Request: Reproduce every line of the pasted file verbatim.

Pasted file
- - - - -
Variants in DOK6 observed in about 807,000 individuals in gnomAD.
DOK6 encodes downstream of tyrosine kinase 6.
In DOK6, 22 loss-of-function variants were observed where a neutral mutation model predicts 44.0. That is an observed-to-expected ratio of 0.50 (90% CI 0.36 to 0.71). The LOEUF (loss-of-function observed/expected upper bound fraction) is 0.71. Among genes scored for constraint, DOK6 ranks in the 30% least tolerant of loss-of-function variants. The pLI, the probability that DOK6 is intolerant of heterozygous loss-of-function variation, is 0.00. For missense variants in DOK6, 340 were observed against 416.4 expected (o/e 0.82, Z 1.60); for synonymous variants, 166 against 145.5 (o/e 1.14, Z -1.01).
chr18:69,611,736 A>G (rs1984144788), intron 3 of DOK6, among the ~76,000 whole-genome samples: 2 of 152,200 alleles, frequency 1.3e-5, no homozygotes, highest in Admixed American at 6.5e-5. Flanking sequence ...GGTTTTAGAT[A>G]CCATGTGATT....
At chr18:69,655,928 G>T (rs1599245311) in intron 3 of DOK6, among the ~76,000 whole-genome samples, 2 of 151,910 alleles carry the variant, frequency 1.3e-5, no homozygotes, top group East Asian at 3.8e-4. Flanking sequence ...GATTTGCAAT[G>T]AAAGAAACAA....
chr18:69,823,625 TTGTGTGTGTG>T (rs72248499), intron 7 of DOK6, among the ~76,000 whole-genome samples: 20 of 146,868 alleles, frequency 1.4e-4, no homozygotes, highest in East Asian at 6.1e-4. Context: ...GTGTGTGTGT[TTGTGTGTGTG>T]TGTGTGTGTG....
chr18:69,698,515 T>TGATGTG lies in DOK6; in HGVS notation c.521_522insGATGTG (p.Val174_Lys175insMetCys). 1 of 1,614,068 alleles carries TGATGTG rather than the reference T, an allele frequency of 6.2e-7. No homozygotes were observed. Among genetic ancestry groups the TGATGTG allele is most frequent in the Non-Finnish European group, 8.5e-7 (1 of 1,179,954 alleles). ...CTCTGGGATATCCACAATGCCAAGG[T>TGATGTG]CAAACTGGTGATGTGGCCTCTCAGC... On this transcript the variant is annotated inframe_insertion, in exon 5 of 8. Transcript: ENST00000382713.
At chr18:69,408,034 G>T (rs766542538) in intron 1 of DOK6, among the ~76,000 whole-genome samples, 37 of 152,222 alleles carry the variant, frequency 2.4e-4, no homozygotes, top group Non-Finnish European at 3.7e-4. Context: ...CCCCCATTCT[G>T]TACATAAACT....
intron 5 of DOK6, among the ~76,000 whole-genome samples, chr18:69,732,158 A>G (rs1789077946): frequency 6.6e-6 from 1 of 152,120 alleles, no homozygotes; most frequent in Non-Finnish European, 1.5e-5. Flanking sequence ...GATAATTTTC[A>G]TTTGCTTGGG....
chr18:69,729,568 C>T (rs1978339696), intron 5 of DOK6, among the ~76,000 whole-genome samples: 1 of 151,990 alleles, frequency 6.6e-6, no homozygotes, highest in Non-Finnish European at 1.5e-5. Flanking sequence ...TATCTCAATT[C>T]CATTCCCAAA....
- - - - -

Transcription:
Variants in DOK6 observed in about 807,000 individuals in gnomAD.
DOK6 encodes downstream of tyrosine kinase 6.
In DOK6, 22 loss-of-function variants were observed where a neutral mutation model predicts 44.0. That is an observed-to-expected ratio of 0.50 (90% CI 0.36 to 0.71). The LOEUF (loss-of-function observed/expected upper bound fraction) is 0.71. Among genes scored for constraint, DOK6 ranks in the 30% least tolerant of loss-of-function variants. The pLI, the probability that DOK6 is intolerant of heterozygous loss-of-function variation, is 0.00. For missense variants in DOK6, 340 were observed against 416.4 expected (o/e 0.82, Z 1.60); for synonymous variants, 166 against 145.5 (o/e 1.14, Z -1.01).
chr18:69,611,736 A>G (rs1984144788), intron 3 of DOK6, among the ~76,000 whole-genome samples: 2 of 152,200 alleles, frequency 1.3e-5, no homozygotes, highest in Admixed American at 6.5e-5. Flanking sequence ...GGTTTTAGAT[A>G]CCATGTGATT....
At chr18:69,655,928 G>T (rs1599245311) in intron 3 of DOK6, among the ~76,000 whole-genome samples, 2 of 151,910 alleles carry the variant, frequency 1.3e-5, no homozygotes, top group East Asian at 3.8e-4. Flanking sequence ...GATTTGCAAT[G>T]AAAGAAACAA....
chr18:69,823,625 TTGTGTGTGTG>T (rs72248499), intron 7 of DOK6, among the ~76,000 whole-genome samples: 20 of 146,868 alleles, frequency 1.4e-4, no homozygotes, highest in East Asian at 6.1e-4. Context: ...GTGTGTGTGT[TTGTGTGTGTG>T]TGTGTGTGTG....
chr18:69,698,515 T>TGATGTG lies in DOK6; in HGVS notation c.521_522insGATGTG (p.Val174_Lys175insMetCys). 1 of 1,614,068 alleles carries TGATGTG rather than the reference T, an allele frequency of 6.2e-7. No homozygotes were observed. Among genetic ancestry groups the TGATGTG allele is most frequent in the Non-Finnish European group, 8.5e-7 (1 of 1,179,954 alleles). ...CTCTGGGATATCCACAATGCCAAGG[T>TGATGTG]CAAACTGGTGATGTGGCCTCTCAGC... On this transcript the variant is annotated inframe_insertion, in exon 5 of 8. Transcript: ENST00000382713.
At chr18:69,408,034 G>T (rs766542538) in intron 1 of DOK6, among the ~76,000 whole-genome samples, 37 of 152,222 alleles carry the variant, frequency 2.4e-4, no homozygotes, top group Non-Finnish European at 3.7e-4. Context: ...CCCCCATTCT[G>T]TACATAAACT....
intron 5 of DOK6, among the ~76,000 whole-genome samples, chr18:69,732,158 A>G (rs1789077946): frequency 6.6e-6 from 1 of 152,120 alleles, no homozygotes; most frequent in Non-Finnish European, 1.5e-5. Flanking sequence ...GATAATTTTC[A>G]TTTGCTTGGG....
chr18:69,729,568 C>T (rs1978339696), intron 5 of DOK6, among the ~76,000 whole-genome samples: 1 of 151,990 alleles, frequency 6.6e-6, no homozygotes, highest in Non-Finnish European at 1.5e-5. Flanking sequence ...TATCTCAATT[C>T]CATTCCCAAA....